For the most part, the content of American magazines has been on the decline for the past decade. Utterly craptastic. Though I write for several publications, I'm rarely moved to venture to a newsstand to pick up current issues solely on the principle of thumbing through and keeping abreast. Very few are able to hold my interest for more than an issue or two (props to Surface and Adbusters). Most are geared towards prescribing you a new personality, making you feel insecure about your "lack" of possessions, and giving you beauty "tips." But my jaded indifference may change with the following three. Two of them are centered on the love for the discipline of graphic art in some form. The other is a theme based mag, which seems to be a burgeoning trend for mags trying to stay afloat in an inhospitable climate for print media. Check my selection:

Eye: The International Review of Graphic Design

T-World: The Journal Of T-Shirt Culture

Theme Magazine (pictured: Spring 2007 issue)

Regrets In Retrospect: Album Covers

I wonder if people ever look back at their careers and lament over certain decisions that either they made themselves or were made on their behalf. Well if not, I'm sure this new series of posts will reluctantly jog their memories. Regrets In Retrospect aims to take inventory of perceivable blunders and missteps in the public lives of those we hate to love, love to hate, and all variations in between. I'll try to keep it pc...but you know how I do.

Today's subject is album covers. Album artwork has always been an integral part of the record buying experience. I mean, be honest, how album purchases over the course of your life were made solely on the basis of the artwork? A little extreme? Ok. How about this: how many times did the album artwork seal the deal when you were standing in the record store (remember those?) on the fence on whether you should buy an entire album for one hot song? Thought so.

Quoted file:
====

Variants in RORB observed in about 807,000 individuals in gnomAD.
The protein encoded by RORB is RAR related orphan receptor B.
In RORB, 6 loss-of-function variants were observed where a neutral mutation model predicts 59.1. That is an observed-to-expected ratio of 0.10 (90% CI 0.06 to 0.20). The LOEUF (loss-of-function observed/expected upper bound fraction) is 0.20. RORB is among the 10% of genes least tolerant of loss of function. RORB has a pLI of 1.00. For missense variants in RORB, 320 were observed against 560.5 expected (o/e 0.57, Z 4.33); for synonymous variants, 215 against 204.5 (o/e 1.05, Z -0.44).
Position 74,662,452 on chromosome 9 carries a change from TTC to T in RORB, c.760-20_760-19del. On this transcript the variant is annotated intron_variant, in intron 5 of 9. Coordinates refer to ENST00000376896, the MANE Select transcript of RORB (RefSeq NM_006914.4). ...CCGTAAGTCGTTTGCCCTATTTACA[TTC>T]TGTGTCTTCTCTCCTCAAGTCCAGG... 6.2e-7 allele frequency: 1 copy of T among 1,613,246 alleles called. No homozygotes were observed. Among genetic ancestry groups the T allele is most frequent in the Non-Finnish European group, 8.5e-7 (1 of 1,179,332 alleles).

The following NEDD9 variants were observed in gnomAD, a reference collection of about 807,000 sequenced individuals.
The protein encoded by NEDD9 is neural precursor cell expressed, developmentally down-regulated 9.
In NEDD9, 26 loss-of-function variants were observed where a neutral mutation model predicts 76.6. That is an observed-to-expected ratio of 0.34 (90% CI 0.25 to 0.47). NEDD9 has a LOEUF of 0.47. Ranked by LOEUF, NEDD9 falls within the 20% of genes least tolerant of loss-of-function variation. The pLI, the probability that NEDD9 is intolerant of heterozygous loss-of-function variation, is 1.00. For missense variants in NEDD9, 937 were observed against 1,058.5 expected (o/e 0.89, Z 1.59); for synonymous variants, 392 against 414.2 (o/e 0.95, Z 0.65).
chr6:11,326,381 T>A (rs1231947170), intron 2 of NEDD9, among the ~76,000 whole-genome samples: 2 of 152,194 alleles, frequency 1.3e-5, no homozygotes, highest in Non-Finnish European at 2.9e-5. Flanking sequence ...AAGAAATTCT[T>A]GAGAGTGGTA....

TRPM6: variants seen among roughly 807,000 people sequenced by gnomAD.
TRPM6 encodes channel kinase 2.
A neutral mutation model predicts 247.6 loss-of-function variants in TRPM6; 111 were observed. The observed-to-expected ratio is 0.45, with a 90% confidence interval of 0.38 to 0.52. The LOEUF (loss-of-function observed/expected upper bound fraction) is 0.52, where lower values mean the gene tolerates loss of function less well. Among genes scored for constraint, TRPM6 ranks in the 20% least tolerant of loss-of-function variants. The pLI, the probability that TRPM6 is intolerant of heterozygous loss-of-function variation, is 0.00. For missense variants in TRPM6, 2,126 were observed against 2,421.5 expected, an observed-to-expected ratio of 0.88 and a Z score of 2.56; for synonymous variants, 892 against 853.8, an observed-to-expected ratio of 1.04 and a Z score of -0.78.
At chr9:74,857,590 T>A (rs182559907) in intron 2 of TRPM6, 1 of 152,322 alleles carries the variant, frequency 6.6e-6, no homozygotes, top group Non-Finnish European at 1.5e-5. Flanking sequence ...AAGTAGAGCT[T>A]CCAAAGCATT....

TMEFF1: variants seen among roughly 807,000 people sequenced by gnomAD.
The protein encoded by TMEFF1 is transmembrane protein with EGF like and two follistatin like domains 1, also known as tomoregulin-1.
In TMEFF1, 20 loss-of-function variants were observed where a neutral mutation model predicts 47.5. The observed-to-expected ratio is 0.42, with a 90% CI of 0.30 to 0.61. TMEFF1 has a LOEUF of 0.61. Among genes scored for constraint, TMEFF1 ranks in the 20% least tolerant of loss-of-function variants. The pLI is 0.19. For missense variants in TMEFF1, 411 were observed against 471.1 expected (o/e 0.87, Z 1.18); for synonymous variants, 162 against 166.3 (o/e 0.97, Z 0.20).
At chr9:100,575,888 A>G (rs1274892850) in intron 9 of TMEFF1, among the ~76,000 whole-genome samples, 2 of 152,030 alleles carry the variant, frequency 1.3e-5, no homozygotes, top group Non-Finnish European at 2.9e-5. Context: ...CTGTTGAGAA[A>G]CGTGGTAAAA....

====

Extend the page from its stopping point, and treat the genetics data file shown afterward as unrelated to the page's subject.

I've chosen two groups to "pick on" for the first edition in this series: Double Exposure and Imagination. Before you dismissively relegate these guys to one-hit-wonder purgatory, understand and know that they've each had big hits.

Imagination Scandalous (1983)

Formed in 1981, the UK-based trio Imagination had already charted high on the charts in their native England before showing up on the Stateside charts the following year with their modest hit single "Just An Illusion":

Even though the U.S. never gave them much love, that same single was a top 10 hit in 8 countries around the world. Soon after, their success began to wane. And while their image was always on the provocative side (not unusual for the early to mid 80s), they jumped the shark with the cover art for their third album Scandalous. It's hard to tell what the art department at their label was thinking when they conceived this one. Maybe a more fitting album title would have been that of Brooklyn Hip-Hop trio Whodini's hit "Freaks Come Out At Night," which was released the following year.

I think even Rick James would have sobered up at the sight of these dude's outfits. The hamburger meat on the torso and the crotch area is a bit...frightening. The only thing that saved them from massive public ridicule was the fact that it was very much an under the radar release. But other than Cameo's front man Larry Blackmon possibly gleaning inspiration for his infamous codpiece, I don't think this cover inspired anyone to do much of anything...except cringe and vomit. C'est la vie.

Double Exposure Locker Room (1979)